Spain’s refusal to let Russian ships in Moscow commented on the words of Russophobia in NATO

“We learned about the refusal with bewilderment. […] This situation looks at least strange, especially against the background of the existing positive practice of interaction on the entry of Russian warships into Spanish ports. This step undoubtedly contradicts the spirit of the declaration on strategic partnership signed between the two countries in 2009, as well as the constructive development of Russian-Spanish interaction in recent years, “the message says.

The Russian Foreign Ministry suggested that the information got into the media for a reason.

“It is also surprising that Spanish officials leaked this story to the country’s central media, apparently, thereby wanting to demonstrate their alignment with the Russophobic wing of NATO during the preparation for the summit of the Alliance member countries, which is to be held in Madrid in 2022,” – stated in the Ministry of Foreign Affairs of the Russian Federation.

Spain joined NATO in 1982, during the so-called third expansion of the Alliance.

Context:

On August 19, a number of Spanish publications, including El Pais, reported that Spanish Foreign Ministry did not agree on three-day parking for refueling in the port of Ceuta two Russian vessels of the Russian Navy – the large anti-submarine ship “Vice-Admiral Kulakov” and the tugboat “Altai”.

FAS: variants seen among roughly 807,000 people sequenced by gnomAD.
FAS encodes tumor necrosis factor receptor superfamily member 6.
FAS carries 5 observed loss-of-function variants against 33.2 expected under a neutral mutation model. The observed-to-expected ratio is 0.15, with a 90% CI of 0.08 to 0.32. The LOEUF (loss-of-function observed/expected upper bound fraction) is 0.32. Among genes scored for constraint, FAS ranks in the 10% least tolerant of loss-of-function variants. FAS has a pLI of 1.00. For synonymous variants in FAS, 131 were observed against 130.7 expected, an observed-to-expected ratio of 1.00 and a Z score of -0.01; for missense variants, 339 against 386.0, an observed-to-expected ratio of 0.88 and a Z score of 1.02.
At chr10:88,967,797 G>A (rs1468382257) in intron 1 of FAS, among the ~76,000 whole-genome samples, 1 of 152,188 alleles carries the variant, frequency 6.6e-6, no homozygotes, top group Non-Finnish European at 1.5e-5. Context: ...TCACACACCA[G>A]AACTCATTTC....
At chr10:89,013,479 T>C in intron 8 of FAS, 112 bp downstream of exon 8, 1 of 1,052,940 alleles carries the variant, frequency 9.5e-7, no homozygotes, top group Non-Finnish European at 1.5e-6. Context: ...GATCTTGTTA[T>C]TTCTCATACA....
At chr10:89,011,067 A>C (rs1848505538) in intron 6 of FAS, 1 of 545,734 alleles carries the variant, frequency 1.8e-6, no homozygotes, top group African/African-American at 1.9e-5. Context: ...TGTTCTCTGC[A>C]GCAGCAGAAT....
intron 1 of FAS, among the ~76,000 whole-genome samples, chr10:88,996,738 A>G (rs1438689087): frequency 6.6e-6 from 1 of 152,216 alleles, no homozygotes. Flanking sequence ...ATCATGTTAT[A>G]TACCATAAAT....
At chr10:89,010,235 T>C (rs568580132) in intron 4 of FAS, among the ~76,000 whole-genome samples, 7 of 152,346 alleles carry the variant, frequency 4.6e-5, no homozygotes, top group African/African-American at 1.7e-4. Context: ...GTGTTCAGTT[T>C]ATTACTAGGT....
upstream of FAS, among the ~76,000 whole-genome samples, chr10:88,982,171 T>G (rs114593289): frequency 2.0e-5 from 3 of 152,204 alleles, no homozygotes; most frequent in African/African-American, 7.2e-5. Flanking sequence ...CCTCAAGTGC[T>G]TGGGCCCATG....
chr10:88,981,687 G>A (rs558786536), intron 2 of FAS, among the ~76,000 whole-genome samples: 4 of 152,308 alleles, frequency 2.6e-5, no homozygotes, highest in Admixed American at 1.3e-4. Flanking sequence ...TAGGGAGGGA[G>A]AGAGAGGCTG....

El Pais emphasizes that from 2011 to 2016, Russian warships with a total crew of up to 10 thousand people called the port of Ceuta about 60 times.

As reported “German Wave”, this drew criticism from Spain’s allies in NATO and the European Union. The UK believed that the Russian Federation was using the Ceuta site to collect information about the British naval base in Gibraltar. European Parliament asked the Spanish government to explain how these stops are consistent with the sanctions imposed on the Russian Federation due to the occupation of Crimea.

As a result, this practice was suspended, Russian ships entered the port, but rarely, the last time it was in 2018 and 2019, writes El Pais.

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